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Discussion Starter #4 (Edited)
You worry about nothing. Around town, stop start traffic gets the engine quite warm. When the rad can't get rid of any more heat because there's no air movement the fans come on. Your bike will get to about 110 degrees sitting there with the fans going full bore. That's as high as it gets. If it goes higher then there's something wrong with the cooling system.
Dodgy reg/rectifiers kill winding AND heat the oil. That stator and magnet produce a lot of heat and the windings are tight and don't dissipate a lot of heat. This is where the problem lies, not how hot the oil is.
Coolant is the most effective way of keeping the oil cool. That is, the more the rad/pump/airflow cool the bike, the cooler the oil is.
Have a look at where most car makers put the oil coolers, IN THE RADIATOR.
Thanks for the input, xracer.

I've modified my ECU via TuneECU to have the radiator cooling fans engage at 95 degrees C (did this even before the first stator failure), which is the lowest setting. When it does kick in, the temperature never gets above 97 degrees, the fans always bring it down to 95.

I've had these stator failures on 3 different R/R units - the one that was on the bike when I got it (assumed original), then an OEM replacement, and the last one with a MOSFET aftermarket one (that you'll know runs cooler than the OEM units). And on each failure except the first one, the intermediate connector plug has been removed and the wires soldered together.

I understand that the coolant cooling system will reduce oil temperatures.

Also appreciate that oil coolers are also often cooled by the coolant cooling system (in the radiator).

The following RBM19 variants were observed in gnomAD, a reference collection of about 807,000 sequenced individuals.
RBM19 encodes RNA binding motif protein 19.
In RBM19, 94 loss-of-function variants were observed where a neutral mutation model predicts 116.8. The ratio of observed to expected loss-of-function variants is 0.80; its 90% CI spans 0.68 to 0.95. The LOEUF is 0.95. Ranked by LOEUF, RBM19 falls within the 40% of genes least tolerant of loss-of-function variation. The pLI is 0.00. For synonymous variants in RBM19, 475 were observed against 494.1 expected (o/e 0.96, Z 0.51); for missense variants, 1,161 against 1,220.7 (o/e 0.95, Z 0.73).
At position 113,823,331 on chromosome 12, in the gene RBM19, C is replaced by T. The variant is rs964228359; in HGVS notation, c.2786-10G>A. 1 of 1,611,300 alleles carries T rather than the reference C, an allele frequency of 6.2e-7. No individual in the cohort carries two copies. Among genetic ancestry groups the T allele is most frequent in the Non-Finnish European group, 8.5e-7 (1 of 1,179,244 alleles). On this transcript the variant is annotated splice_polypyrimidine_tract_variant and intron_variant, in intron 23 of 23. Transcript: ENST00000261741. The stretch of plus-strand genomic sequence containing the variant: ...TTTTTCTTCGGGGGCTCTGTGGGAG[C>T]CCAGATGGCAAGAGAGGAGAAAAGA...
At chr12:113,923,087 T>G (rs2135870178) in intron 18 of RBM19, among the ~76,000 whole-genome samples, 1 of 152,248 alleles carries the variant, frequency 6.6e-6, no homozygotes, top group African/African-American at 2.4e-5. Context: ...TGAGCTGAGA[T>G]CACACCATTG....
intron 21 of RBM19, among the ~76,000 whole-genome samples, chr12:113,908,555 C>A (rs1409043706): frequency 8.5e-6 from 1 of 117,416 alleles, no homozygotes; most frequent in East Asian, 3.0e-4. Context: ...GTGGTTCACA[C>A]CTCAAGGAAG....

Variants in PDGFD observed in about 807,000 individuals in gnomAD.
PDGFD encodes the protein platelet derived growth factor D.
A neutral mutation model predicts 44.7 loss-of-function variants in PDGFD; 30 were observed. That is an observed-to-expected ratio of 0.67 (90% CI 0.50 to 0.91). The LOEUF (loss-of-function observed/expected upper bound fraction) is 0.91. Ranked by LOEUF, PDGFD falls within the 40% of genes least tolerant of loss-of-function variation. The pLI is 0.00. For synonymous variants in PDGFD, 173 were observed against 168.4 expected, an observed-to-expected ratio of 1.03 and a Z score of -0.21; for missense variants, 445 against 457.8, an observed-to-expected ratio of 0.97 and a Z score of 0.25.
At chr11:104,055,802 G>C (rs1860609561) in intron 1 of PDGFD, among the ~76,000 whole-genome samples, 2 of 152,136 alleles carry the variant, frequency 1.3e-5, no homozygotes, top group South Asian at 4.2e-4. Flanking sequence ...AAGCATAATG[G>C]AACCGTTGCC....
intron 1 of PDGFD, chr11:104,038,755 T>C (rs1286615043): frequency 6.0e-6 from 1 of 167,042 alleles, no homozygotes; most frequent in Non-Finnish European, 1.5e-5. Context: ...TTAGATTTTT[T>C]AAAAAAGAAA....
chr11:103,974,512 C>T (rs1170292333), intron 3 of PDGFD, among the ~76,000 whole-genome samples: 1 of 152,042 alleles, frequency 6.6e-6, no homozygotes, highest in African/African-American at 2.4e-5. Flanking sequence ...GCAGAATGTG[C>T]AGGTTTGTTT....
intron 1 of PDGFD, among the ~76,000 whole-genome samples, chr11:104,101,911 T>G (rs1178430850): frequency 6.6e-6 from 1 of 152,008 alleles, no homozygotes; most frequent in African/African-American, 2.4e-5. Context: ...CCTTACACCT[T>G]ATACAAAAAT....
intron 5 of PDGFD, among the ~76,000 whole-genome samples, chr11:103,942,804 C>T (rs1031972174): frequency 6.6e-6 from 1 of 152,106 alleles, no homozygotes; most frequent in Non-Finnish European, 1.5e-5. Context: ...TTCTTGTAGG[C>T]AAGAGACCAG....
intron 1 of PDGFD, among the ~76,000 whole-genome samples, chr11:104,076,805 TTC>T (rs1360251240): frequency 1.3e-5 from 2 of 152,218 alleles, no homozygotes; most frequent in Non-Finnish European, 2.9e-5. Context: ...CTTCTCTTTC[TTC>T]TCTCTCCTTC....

During my recent research, I've spotted that both the 1098 and 848 Streetfighter bike do their cooling differently. They have 2 coolant radiators, not one, and the engine oil runs through a heat exchanger connected to the coolant system. Both the 1098, 848 and 1198 Superbikes retain the airflow-only oil cooler system for the engine oil.
***EDIT a quick Google search now shows that it looks like the 899/959/1199/1299 might have gone down the dual radiator/heat exchanger route ***

In my mind, this indicates that, whilst the air-only oil cooling is adequate for the Superbikes - that really are designed to be moving quickly all the time and have good airflow to cool them - Ducati themselves thought that the Streetfighters needed a different cooling arrangement - perhaps due to them being designed for more stop-start use than the Superbikes. The radiator/oil cooler arrangement on the Superbikes is a simpler design than the double radiator and heat exchanger system on the Streetfighters, so I can't see Ducati going this route unless they thought it was warranted.

Apologies about posting here and in my other thread about stator failures (http://www.ducati.ms/forums/241-tech-forum/553897-diagnosing-alternator-2010-848-a.html). This thread was only about finding out if anybody had implemented a cooling solution for the oil cooler. Now that I've done this bit, we should probably refer any further discussion to the other thread.

Thanks again for your input.

Cheers!
Michael.